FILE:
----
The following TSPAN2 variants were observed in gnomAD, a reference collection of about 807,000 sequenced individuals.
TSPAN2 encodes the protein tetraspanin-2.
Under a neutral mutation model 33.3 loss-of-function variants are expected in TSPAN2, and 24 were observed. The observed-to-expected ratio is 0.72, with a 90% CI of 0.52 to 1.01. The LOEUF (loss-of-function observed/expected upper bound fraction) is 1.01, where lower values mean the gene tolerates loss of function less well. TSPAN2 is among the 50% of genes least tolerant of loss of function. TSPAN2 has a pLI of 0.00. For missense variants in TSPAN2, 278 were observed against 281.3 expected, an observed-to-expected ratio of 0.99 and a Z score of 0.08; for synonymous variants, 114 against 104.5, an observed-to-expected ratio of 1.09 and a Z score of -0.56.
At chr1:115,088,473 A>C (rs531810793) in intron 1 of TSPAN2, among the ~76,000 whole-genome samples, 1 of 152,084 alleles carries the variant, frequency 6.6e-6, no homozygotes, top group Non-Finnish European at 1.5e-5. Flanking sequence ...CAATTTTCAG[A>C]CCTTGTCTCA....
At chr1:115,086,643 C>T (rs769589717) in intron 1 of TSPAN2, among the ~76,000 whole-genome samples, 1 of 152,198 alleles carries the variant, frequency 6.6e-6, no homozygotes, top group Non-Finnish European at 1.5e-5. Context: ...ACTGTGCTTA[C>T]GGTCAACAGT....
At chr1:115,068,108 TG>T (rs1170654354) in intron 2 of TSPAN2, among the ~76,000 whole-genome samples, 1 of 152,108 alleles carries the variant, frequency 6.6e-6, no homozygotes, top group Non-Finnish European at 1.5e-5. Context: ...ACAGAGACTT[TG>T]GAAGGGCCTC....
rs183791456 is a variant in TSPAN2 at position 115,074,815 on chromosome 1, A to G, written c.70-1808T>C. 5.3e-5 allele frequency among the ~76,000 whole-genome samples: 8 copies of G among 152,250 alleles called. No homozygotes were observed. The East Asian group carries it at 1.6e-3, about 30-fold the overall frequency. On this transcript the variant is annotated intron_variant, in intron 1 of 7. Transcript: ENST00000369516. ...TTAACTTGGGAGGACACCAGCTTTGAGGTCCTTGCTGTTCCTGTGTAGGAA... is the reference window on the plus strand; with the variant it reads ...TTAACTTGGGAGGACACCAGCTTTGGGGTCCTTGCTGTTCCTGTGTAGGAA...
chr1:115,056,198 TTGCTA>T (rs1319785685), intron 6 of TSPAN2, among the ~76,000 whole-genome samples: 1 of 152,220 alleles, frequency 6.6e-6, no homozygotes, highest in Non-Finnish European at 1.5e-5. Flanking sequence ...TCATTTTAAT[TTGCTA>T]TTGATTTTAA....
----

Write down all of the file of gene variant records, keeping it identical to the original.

The following TSPAN2 variants were observed in gnomAD, a reference collection of about 807,000 sequenced individuals.
TSPAN2 encodes the protein tetraspanin-2.
Under a neutral mutation model 33.3 loss-of-function variants are expected in TSPAN2, and 24 were observed. The observed-to-expected ratio is 0.72, with a 90% CI of 0.52 to 1.01. The LOEUF (loss-of-function observed/expected upper bound fraction) is 1.01, where lower values mean the gene tolerates loss of function less well. TSPAN2 is among the 50% of genes least tolerant of loss of function. TSPAN2 has a pLI of 0.00. For missense variants in TSPAN2, 278 were observed against 281.3 expected, an observed-to-expected ratio of 0.99 and a Z score of 0.08; for synonymous variants, 114 against 104.5, an observed-to-expected ratio of 1.09 and a Z score of -0.56.
At chr1:115,088,473 A>C (rs531810793) in intron 1 of TSPAN2, among the ~76,000 whole-genome samples, 1 of 152,084 alleles carries the variant, frequency 6.6e-6, no homozygotes, top group Non-Finnish European at 1.5e-5. Flanking sequence ...CAATTTTCAG[A>C]CCTTGTCTCA....
At chr1:115,086,643 C>T (rs769589717) in intron 1 of TSPAN2, among the ~76,000 whole-genome samples, 1 of 152,198 alleles carries the variant, frequency 6.6e-6, no homozygotes, top group Non-Finnish European at 1.5e-5. Context: ...ACTGTGCTTA[C>T]GGTCAACAGT....
At chr1:115,068,108 TG>T (rs1170654354) in intron 2 of TSPAN2, among the ~76,000 whole-genome samples, 1 of 152,108 alleles carries the variant, frequency 6.6e-6, no homozygotes, top group Non-Finnish European at 1.5e-5. Context: ...ACAGAGACTT[TG>T]GAAGGGCCTC....
rs183791456 is a variant in TSPAN2 at position 115,074,815 on chromosome 1, A to G, written c.70-1808T>C. 5.3e-5 allele frequency among the ~76,000 whole-genome samples: 8 copies of G among 152,250 alleles called. No homozygotes were observed. The East Asian group carries it at 1.6e-3, about 30-fold the overall frequency. On this transcript the variant is annotated intron_variant, in intron 1 of 7. Transcript: ENST00000369516. ...TTAACTTGGGAGGACACCAGCTTTGAGGTCCTTGCTGTTCCTGTGTAGGAA... is the reference window on the plus strand; with the variant it reads ...TTAACTTGGGAGGACACCAGCTTTGGGGTCCTTGCTGTTCCTGTGTAGGAA...
chr1:115,056,198 TTGCTA>T (rs1319785685), intron 6 of TSPAN2, among the ~76,000 whole-genome samples: 1 of 152,220 alleles, frequency 6.6e-6, no homozygotes, highest in Non-Finnish European at 1.5e-5. Flanking sequence ...TCATTTTAAT[TTGCTA>T]TTGATTTTAA....